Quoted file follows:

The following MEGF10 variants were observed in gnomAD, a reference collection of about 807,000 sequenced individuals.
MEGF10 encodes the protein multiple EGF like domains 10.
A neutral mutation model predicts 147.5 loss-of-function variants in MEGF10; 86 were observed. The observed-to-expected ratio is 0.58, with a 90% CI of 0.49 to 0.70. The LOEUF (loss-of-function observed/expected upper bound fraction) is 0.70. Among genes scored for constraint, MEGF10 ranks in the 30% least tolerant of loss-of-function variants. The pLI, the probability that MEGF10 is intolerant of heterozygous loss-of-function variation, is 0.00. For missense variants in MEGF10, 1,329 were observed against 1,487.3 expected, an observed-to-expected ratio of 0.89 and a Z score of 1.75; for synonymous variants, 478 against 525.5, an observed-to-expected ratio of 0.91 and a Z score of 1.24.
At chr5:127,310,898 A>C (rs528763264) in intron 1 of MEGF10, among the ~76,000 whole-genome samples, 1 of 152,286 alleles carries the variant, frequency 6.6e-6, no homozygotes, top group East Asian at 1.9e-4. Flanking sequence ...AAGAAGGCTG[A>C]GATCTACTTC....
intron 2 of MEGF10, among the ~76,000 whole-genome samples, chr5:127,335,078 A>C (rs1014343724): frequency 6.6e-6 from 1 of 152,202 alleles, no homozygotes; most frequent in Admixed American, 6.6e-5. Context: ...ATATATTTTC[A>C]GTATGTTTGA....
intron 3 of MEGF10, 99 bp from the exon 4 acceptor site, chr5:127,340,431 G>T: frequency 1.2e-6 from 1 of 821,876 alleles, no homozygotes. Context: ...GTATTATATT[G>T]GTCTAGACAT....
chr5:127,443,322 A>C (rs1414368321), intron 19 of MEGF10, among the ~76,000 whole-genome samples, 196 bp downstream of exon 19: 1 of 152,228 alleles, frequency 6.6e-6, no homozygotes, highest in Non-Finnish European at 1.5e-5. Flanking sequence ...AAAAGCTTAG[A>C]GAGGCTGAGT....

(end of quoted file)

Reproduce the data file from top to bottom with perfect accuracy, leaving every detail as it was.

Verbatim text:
The following MEGF10 variants were observed in gnomAD, a reference collection of about 807,000 sequenced individuals.
MEGF10 encodes the protein multiple EGF like domains 10.
A neutral mutation model predicts 147.5 loss-of-function variants in MEGF10; 86 were observed. The observed-to-expected ratio is 0.58, with a 90% CI of 0.49 to 0.70. The LOEUF (loss-of-function observed/expected upper bound fraction) is 0.70. Among genes scored for constraint, MEGF10 ranks in the 30% least tolerant of loss-of-function variants. The pLI, the probability that MEGF10 is intolerant of heterozygous loss-of-function variation, is 0.00. For missense variants in MEGF10, 1,329 were observed against 1,487.3 expected, an observed-to-expected ratio of 0.89 and a Z score of 1.75; for synonymous variants, 478 against 525.5, an observed-to-expected ratio of 0.91 and a Z score of 1.24.
At chr5:127,310,898 A>C (rs528763264) in intron 1 of MEGF10, among the ~76,000 whole-genome samples, 1 of 152,286 alleles carries the variant, frequency 6.6e-6, no homozygotes, top group East Asian at 1.9e-4. Flanking sequence ...AAGAAGGCTG[A>C]GATCTACTTC....
intron 2 of MEGF10, among the ~76,000 whole-genome samples, chr5:127,335,078 A>C (rs1014343724): frequency 6.6e-6 from 1 of 152,202 alleles, no homozygotes; most frequent in Admixed American, 6.6e-5. Context: ...ATATATTTTC[A>C]GTATGTTTGA....
intron 3 of MEGF10, 99 bp from the exon 4 acceptor site, chr5:127,340,431 G>T: frequency 1.2e-6 from 1 of 821,876 alleles, no homozygotes. Context: ...GTATTATATT[G>T]GTCTAGACAT....
chr5:127,443,322 A>C (rs1414368321), intron 19 of MEGF10, among the ~76,000 whole-genome samples, 196 bp downstream of exon 19: 1 of 152,228 alleles, frequency 6.6e-6, no homozygotes, highest in Non-Finnish European at 1.5e-5. Flanking sequence ...AAAAGCTTAG[A>C]GAGGCTGAGT....